Microbiological Hazards

Microbiological hazards include bacteria, viruses, yeast & mould and protozoa.

Which is the odd one out?

Viruses only reproduce when being hosted by a living cell. All of the others are able to reproduce or grow when given the right conditions.

These micro-organisms may be pathogenic (disease causing), cause spoilage or neither of these. We need some types of bacteria present in our bodies and environment to keep us healthy.

Microbiological hazards HACCP


One of the areas that you need to look at when thinking about food safety is the microbiological nature of your product and its ingredients. This is as well as any cross contamination from anywhere else. These can include people, plant (equipment and building) and product.

To reduce the risk of microbiological hazards, a risk assessment as part of the HACCP or Safer Food Better Business study should be conducted.


Pathogenic or Food poisoning bacteria

Many bacteria can cause disease and are transmitted in food. These include:

Salmonella species

E.coli (various serotypes)

Campylobacter species

Clostridium botulinum (causes botulism)

Clostridium perfringens

Bacillus cereus

Staphylococcus aureus

Listeria species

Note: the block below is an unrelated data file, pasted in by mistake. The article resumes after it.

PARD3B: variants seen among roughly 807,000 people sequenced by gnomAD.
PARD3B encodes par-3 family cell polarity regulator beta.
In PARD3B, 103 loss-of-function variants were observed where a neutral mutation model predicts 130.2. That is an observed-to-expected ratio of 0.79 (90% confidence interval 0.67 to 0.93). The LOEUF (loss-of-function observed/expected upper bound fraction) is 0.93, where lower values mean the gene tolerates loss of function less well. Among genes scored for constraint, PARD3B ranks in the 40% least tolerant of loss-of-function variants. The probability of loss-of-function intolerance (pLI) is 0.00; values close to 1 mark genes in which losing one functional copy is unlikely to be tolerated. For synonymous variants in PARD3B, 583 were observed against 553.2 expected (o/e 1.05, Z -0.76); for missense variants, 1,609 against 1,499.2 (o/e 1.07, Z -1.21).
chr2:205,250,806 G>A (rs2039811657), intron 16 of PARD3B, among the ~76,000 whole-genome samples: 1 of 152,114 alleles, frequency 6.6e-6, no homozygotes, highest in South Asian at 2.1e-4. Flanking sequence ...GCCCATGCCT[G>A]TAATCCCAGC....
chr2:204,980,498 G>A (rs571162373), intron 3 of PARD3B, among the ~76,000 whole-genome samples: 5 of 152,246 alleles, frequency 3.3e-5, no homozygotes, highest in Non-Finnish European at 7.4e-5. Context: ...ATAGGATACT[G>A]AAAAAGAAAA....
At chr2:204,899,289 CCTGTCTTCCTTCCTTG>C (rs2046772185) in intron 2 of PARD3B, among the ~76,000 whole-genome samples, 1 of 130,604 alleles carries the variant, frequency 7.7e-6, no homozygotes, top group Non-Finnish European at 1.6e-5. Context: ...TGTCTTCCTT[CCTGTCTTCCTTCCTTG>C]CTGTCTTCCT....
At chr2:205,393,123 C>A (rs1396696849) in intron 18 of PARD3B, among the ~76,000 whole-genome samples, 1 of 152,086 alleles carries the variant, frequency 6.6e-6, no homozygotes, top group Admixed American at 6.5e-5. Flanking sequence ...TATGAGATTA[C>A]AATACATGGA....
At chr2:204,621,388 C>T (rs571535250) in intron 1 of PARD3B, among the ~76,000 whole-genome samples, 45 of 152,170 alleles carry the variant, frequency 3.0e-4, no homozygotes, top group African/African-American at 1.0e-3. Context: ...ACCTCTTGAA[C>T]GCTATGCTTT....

Shigella species

Vibrio species


Viruses include:

Hepatitis A


Hepatitis E

There are also many parasites and toxins from moulds and bacteria. Some of which are heat resistant.

food microbiology

What does this have to do with HACCP?

When considering the hazards or risks to the production of safe food or drink, the microbiological hazards from all areas must be considered. Sources of micro-organisms can include raw materials, the environment that the food is produced in and people producing it. There is no evidence at the time of writing (December 2020) that COVID 19 can be transmitted by food.

Other considerations are the intended consumer of the products and any vulnerabilities that they may have. For example, the elderly, children and those with a reduced immune system such as pregnant women and cancer patients.

It is important to have policies in place to reduce these risks to an acceptable level.

The Food and Agriculture Organization (FAO) is the specialized agency of the United Nations and they have defined a hazard in HACCP as “A biological, chemical or physical agent in, or condition of, food with the potential to cause an adverse health effect.” 

Moving your business forward

Once your business needs testing plans, then this page will help you develop the type of testing for your business.

When you are ready to discuss your microbiology plans or you need an expert eye to review your current plans, give me a call on 07904 384833. I may be able to save you money when I review your testing plans, or focus your budget on areas of concern. 

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